The Financial Express

Budget ignores public transport exposed to Covid-19

Budget ignores public transport exposed to Covid-19

During the period of an unprecedented pandemic of Covid-19, it is not desirable that the new national budget will provide a lofty package of commitment to extraordinary development. Instead, the rational expectation is that the annual public spending plan will pay adequate attention to different tools necessary to deal with the pandemic. The budget for the fiscal year 2020-21, (FY21) placed by the finance minister AHM Mustafa Kamal in national parliament on Thursday, needs to be reviewed against this backdrop.

The spread of infection and weak health infrastructure of the country already made it clear that there is no alternative to strengthen the different preventative measures. While revamping the health infrastructure will take some time, more focus on WASH (water, sanitation, hygiene) sector was much warranted.  

Again, another important area is ensuring safety and hygiene in people's mobility through public transport system. This is an area neglected for long. This scribe, in this column, earlier wrote a number of pieces depicting the terrible state of Dhaka's public transport and endless sufferings of thousands of daily commuters. The distorted and unsafe public transport dominated by ramshackle buses and minibuses in Dhaka is a nightmare for the commuters. Though a number of attempts were taken to revamp the public transport in the past, all went in vain. In fact, the measures were either flawed or half-heartedly tried to be implemented. Failure of the trial run of circular bus service is an example.

In FY20, the original budget for the 'transport and communication' sector was Tk 648.29 billion, an increase of 31.0 per cent over FY19's revised budget of Tk 492 billion. The new budget for FY21, placed in national parliament on Thursday afternoon, allocated Tk 645.87 billion for the sector. But, enhanced allocation on the sector is not an assurance of higher allocation for an efficient public transport. A public transport system can be efficient only when it is cost-effective, safe and decent. There is no reflection on these in the budget.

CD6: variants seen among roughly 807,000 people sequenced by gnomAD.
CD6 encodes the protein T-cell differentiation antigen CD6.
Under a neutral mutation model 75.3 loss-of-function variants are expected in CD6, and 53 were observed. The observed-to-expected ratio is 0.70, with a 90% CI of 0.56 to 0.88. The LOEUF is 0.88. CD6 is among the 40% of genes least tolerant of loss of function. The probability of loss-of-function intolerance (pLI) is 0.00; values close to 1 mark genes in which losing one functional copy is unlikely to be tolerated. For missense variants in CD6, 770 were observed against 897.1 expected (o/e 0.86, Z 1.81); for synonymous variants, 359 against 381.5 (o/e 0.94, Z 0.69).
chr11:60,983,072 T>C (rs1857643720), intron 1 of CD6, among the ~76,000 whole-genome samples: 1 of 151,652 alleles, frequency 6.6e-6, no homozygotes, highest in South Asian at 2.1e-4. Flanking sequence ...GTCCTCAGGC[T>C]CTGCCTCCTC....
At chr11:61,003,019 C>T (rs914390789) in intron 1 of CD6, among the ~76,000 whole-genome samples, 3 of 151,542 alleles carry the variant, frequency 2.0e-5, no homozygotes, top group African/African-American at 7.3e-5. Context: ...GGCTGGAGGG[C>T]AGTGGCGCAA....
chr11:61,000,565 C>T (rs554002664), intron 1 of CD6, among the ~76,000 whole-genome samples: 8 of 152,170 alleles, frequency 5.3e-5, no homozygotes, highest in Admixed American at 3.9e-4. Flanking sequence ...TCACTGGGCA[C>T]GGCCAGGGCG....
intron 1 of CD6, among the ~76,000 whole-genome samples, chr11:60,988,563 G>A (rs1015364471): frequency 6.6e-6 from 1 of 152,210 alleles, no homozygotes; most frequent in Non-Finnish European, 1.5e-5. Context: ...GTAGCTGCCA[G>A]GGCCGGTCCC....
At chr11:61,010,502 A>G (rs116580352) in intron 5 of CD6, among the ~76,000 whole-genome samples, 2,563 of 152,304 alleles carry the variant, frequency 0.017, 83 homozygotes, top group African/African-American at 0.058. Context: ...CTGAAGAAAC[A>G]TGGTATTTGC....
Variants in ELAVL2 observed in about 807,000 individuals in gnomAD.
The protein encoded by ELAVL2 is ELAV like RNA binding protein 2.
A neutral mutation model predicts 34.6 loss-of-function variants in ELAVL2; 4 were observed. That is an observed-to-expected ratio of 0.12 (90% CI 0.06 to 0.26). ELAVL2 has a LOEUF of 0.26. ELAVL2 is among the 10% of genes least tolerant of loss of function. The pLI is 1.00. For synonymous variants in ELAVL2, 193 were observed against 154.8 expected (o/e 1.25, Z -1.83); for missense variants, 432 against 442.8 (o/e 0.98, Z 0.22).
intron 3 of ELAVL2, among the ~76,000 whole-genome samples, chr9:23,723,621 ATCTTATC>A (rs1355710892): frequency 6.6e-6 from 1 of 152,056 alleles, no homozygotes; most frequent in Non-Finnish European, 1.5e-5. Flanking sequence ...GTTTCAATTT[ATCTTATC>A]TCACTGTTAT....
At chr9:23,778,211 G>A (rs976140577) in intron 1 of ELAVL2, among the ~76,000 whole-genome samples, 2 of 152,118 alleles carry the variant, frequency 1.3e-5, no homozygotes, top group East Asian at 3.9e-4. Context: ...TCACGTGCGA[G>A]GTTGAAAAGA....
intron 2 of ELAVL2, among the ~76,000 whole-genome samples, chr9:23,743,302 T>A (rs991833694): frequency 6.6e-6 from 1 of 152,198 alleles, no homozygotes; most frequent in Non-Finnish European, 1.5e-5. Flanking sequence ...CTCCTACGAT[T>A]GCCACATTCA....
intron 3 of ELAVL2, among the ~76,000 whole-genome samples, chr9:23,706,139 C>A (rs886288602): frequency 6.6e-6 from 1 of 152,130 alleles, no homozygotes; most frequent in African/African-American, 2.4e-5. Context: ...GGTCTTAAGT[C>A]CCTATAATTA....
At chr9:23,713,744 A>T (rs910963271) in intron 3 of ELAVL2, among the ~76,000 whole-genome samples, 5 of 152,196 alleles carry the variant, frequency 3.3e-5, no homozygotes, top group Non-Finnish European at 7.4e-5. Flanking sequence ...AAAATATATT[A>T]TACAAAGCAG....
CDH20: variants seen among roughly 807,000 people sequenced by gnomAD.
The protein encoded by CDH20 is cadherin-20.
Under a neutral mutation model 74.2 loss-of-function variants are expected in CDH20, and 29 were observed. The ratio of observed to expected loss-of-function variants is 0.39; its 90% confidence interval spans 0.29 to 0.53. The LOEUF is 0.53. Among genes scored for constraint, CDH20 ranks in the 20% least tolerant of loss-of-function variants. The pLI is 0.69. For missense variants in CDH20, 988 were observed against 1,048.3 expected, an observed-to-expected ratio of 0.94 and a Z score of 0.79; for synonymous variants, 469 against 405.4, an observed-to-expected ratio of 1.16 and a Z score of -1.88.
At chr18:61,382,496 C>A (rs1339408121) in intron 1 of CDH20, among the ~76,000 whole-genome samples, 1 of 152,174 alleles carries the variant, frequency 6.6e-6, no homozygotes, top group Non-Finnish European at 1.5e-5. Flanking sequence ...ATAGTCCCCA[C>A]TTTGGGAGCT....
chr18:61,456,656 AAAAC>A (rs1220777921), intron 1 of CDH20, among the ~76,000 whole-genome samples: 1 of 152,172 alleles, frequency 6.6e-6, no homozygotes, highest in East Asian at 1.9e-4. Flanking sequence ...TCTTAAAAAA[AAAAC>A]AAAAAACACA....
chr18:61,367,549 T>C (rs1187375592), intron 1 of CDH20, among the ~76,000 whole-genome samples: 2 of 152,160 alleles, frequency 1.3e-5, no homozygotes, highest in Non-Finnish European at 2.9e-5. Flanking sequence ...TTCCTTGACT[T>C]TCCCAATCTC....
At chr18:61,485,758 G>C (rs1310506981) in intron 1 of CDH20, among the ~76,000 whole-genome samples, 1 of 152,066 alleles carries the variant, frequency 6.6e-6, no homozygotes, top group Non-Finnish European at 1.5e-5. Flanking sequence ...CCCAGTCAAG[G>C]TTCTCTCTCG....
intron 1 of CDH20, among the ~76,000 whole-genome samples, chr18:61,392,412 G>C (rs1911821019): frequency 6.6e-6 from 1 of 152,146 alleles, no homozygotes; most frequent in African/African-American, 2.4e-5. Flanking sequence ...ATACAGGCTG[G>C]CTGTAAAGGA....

The finance minister in last year's budget speech said that to 'establish a planned and integrated modern public transport system in Dhaka and the adjacent areas,' the government was 'implementing the Revised Strategic Transport Plan (2015-35).' As part of the implementation, he also mentioned the construction of first metro-rail line and bus rapid transit (BRT). While metro-rail is likely to be an effective public transport, BRT will bring a disaster.

Interestingly, on Thursday's (June 11) budget speech, he repeated the same thing adding the progress of metro rail line and BRT construction. He also added that construction of two more metro rail network will start in the next fiscal year. He further added that 'to ensure road safety', measures have been taken to mark 2,550 kilometers of highways and remove eye-sight barriers/trees at the intersections of 1,950 kilometers of highways.

The finance minister also focused on mega projects like Karnaphuli Tunnel and Elevated Express Way. It has already proved that these and other mega communication infrastructure projects are banking on incremental costs. The long-term positive impacts of most of the projects also face some uneasy questions. By not focusing on decent, affordable and hygienic public transports in the budget during the pandemic, the finance minister has lost an opportunity to revamp the city's as well as the country's bus-based public transport system.



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